I would rather a different sound to usher me towards sleep than the "music" of cars, crunching upon cars. Singapore is, as most people know, an overcrowded city (figures for 2004 indicate that it was then the fourth most densely populated city on is probably the third, now. Its population density then was just a tad under famously and grossly overpopulated Hong Kong.) One consequence of overcrowding is that cars don't have vast open spaces to drive in. There is always another car just up ahead. That, however, doesn't stop youngsters from speeding. Today, as we walked to the supermarket, for instance, a car raced by well in excess of 100 mph, zipping ironically past a sign that said: "Slow down now."

No police siren sounded. No speed camera snapped an image. He got away with it. At least, that time. No doubt, the young driver will one day make "music", as he dies, crashing at high speed, while I, or another, tries to sleep.

There are road laws, here, as there are everywhere. I am not, however, entirely sure that they are adequately enforced.

No-one should have to fear being rammed by an out of control, high speed car, while shopping. Yet, such an event could easily have happened, today, outside the supermarket, where a sign reads "Slow down now".

Why does the sign ask drivers to slow? Well, because there is a bend, up ahead. That crazy driver did slow, just in time...but still took the bend at very high speed.

It is difficult to know his precise speed, but when I say over 100 mph, I mean WELL over. Perhaps 120 to 140 mph...something like that, when he passed us. Then he began to slow sharply for the bend.

There should be stiff penalties for driving like that. I say this because I am tired, very, very tired, of watching people die or be injured on the road outside my own house. The mad drivers who create this carnage shouldn't be on the roads, at all. Once identified, they should be denied the right to drive, at all, at the very least.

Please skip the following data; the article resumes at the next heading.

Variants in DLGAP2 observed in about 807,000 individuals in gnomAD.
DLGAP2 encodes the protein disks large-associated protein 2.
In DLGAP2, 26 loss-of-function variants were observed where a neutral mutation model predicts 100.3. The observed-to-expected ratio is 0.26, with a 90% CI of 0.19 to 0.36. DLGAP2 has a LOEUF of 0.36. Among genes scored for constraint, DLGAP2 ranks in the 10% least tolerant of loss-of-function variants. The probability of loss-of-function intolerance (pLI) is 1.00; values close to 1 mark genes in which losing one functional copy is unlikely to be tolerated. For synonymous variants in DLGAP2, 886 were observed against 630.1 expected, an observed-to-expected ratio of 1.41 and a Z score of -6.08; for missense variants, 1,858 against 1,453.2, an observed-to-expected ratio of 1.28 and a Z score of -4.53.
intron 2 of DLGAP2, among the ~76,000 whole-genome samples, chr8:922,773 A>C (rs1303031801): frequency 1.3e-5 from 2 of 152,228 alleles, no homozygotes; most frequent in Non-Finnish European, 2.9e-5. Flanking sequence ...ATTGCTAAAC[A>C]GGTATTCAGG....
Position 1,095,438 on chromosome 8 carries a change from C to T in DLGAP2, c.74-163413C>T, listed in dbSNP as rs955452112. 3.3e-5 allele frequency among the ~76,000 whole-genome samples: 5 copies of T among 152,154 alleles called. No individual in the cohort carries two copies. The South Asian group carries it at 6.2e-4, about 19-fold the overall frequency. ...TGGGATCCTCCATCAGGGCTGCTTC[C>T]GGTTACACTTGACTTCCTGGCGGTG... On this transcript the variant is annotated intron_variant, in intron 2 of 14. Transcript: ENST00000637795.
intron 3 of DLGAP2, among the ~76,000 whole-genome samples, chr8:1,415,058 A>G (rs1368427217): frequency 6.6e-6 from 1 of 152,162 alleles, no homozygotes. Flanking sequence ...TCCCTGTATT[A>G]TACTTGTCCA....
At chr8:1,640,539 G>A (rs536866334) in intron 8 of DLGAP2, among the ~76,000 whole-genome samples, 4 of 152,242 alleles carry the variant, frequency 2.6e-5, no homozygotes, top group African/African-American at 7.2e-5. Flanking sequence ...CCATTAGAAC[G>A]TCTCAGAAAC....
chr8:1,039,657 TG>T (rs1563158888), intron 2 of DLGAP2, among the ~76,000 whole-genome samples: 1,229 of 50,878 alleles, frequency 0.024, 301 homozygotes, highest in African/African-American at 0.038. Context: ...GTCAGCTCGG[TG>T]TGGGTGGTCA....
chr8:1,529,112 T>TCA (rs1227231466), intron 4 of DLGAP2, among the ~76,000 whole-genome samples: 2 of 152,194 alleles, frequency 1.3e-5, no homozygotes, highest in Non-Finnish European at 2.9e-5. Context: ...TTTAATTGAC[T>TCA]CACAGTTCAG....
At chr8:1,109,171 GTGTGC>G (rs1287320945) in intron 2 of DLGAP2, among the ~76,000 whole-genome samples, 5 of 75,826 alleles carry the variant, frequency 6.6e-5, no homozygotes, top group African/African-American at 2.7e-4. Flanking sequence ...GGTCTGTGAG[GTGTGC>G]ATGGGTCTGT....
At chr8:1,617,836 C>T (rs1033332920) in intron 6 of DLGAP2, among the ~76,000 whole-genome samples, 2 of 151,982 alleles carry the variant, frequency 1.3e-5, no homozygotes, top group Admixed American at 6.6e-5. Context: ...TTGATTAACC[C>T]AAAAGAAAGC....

I doubt that anyone in a position to influence events on Singapore's roads will read this post - but if they do, I ask this of you: stop the carnage, now...and take the speed crazy drivers off the roads, permanently.

Two multiple car crashes, in fifteen hours, in one tiny area of Singapore, is more than enough of an indication of the size of the road safety problem facing Singapore. It is time for something serious to be done about it.

How about some automated speed cameras, on every road, and some stiff penalties for aggressive driving - such as confiscation of the car? That should bring down the death figures. A compulsive speeder can't kill anyone if he (or she) hasn't got a car to drive.

In the meantime, my family will treat the road outside our house with infinite caution. Pretty though the area is, an absurd number of people seem to die, suddenly, just where we have to cross the road, to get to the shops.

It shouldn't be this way.

(If you would like to learn more of Ainan Celeste Cawley, a scientific child prodigy, aged eight years and no months, or his gifted brothers, Fintan, four years and five months, and Tiarnan, twenty-two months, please go to: I also write of gifted education, IQ, intelligence, the Irish, the Malays, College, University, Chemistry, Science, genetics, left-handedness, precocity, child prodigy, child genius, baby genius, adult genius, savant, gifted adults and gifted children in general. Thanks.)

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posted by Valentine Cawley @ 10:38 PM